“Minimum wage is not enough,” she says, adding Ontario Works and ODSP are also missing the mark. “On the one side, it is education, making sure we’re talking to companies, making sure we talk to our partners, making sure we talk to our governments and letting them know employment practices need to change. People need adequate incomes and less precarious employment. From an advocacy perspective, it is about having those conversations, letting people know the realities of food insecurity and letting people know that food insecurity is a growing issue in this Region.”

From a programming perspective, the York Region Food Network is putting an increased emphasis on regenerative agriculture and environmental sustainability.

To this end, the YRFN is in the early stages of developing a compost education centre which would be a demonstration project for people to come and learn not only how to compost their waste but make a positive impact on the environment. Such a space, she says, will also provide opportunities for participants to explore Indigenous growing techniques, how different cultures understand food, and have meaningful discussions on how food impacts changing climates.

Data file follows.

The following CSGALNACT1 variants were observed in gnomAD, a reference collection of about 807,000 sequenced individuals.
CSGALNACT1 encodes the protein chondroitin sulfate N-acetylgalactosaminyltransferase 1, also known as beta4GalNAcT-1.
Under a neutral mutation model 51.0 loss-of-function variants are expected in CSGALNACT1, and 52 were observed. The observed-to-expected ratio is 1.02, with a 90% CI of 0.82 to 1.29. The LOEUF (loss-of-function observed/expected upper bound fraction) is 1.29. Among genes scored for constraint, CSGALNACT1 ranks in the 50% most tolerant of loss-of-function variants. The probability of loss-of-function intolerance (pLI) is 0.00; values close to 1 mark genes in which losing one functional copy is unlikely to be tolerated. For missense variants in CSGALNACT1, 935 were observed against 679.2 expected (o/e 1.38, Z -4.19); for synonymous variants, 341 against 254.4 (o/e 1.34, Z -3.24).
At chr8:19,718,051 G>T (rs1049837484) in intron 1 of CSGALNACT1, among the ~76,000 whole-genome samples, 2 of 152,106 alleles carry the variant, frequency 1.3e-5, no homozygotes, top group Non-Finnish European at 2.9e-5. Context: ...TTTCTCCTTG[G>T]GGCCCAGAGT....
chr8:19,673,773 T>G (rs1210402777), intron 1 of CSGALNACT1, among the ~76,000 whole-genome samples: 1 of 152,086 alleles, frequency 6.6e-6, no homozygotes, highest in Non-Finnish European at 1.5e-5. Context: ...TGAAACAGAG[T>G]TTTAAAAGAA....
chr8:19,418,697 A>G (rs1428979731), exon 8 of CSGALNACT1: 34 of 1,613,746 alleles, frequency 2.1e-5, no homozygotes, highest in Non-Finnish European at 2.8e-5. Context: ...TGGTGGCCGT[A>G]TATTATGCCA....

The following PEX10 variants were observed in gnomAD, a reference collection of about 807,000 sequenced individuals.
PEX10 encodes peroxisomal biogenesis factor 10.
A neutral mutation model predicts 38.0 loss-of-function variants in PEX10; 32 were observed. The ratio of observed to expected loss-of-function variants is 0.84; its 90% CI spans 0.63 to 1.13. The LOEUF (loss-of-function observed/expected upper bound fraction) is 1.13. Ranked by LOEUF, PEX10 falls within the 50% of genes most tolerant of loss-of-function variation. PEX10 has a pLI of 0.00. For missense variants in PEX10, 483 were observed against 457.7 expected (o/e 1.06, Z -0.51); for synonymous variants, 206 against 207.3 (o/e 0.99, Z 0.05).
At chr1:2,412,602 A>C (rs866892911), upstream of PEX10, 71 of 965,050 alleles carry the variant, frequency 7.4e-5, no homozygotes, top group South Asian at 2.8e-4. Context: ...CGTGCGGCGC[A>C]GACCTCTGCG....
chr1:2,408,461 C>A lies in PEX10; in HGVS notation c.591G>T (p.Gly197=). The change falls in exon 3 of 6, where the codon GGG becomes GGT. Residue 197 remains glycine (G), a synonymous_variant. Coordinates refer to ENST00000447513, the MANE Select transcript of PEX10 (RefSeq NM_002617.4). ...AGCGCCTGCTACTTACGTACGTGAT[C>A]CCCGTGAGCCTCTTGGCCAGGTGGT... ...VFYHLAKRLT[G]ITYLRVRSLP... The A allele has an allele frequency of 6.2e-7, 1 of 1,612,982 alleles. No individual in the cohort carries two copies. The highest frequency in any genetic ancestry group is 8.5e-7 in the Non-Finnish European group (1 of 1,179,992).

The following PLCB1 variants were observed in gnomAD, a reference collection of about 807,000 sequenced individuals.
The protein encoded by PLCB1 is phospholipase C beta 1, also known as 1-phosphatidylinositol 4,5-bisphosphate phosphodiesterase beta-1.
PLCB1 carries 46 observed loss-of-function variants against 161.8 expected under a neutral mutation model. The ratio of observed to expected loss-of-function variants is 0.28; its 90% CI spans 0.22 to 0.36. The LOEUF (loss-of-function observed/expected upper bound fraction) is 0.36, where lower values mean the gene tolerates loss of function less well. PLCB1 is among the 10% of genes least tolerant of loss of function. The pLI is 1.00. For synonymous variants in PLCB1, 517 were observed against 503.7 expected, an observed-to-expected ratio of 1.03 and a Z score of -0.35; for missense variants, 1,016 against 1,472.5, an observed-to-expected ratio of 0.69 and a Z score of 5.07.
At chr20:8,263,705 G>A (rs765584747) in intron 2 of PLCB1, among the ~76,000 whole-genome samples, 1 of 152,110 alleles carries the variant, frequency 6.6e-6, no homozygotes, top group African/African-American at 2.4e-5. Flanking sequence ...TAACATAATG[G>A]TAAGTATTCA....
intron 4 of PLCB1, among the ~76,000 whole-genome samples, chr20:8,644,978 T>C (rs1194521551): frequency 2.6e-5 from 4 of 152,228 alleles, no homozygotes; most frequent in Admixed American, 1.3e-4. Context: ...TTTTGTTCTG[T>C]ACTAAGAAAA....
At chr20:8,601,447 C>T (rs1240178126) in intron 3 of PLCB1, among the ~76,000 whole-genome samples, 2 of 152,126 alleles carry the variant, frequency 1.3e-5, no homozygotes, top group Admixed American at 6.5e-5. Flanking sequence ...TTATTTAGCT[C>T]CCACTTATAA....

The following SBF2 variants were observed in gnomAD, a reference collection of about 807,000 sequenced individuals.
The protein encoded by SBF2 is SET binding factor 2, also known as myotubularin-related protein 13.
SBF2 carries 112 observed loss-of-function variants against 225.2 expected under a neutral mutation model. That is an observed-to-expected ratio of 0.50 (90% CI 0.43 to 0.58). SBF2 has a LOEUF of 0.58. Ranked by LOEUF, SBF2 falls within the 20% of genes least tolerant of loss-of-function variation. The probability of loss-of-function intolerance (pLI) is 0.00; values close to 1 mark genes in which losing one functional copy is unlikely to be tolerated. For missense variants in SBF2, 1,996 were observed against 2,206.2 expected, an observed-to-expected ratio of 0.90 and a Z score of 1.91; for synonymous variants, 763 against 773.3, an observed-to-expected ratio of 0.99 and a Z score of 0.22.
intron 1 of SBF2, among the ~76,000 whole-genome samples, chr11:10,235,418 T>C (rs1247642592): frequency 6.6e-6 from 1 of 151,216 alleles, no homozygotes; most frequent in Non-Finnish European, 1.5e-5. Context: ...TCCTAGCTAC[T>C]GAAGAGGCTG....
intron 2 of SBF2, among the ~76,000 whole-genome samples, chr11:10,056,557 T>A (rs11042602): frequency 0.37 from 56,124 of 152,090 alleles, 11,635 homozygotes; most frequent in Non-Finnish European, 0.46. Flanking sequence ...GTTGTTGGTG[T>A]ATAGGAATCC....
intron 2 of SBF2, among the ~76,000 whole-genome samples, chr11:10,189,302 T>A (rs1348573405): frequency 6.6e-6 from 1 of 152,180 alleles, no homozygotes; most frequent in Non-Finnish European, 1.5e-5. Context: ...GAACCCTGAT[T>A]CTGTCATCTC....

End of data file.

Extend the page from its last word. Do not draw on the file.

“A lot of people think of food insecurity and they think, ‘This person doesn’t have food because they are lazy and not working, it’s their own fault, they’re not managing their budgets well,’ but, for us, we’re lucky to have the research to say, ‘No, the people who are food insecure are people who are working.’ It tends to be the unattached, the people who are the best budgeters and are cooking food at home, for the most part. To be able to better communicate that to the public is huge so people understand what the issue is.

“We often get people thinking that we at the YRFN are a food bank and we often get people who think we’re part of the Regional Municipality of York. We are a charity and our focus is on connecting and building food skills in the community. Food insecurity will be solved by increasing people’s incomes, but we also know that a lot of people who are experiencing food insecurity, who are constantly worrying about food, who aren’t able to purchase food regularly, who run out of food and aren’t able to purchase more, we do know that they often forego social events because of that.

“We often hear people won’t go out for coffee or they won’t go out for dinners with friends because they are constantly worried about money, food and food access. We know that a lot of people who are struggling with food are socially isolated. The purpose of our programs is really to connect people, to reduce that social isolation, build that social inclusion, build those friendships, and we want to build resiliency within that so if people have those community connections, they are more resilient and they have more people to turn to in times of crisis.”

For more information on the York Region Food Network, visit or call 905-841-3101.

By Brock Weir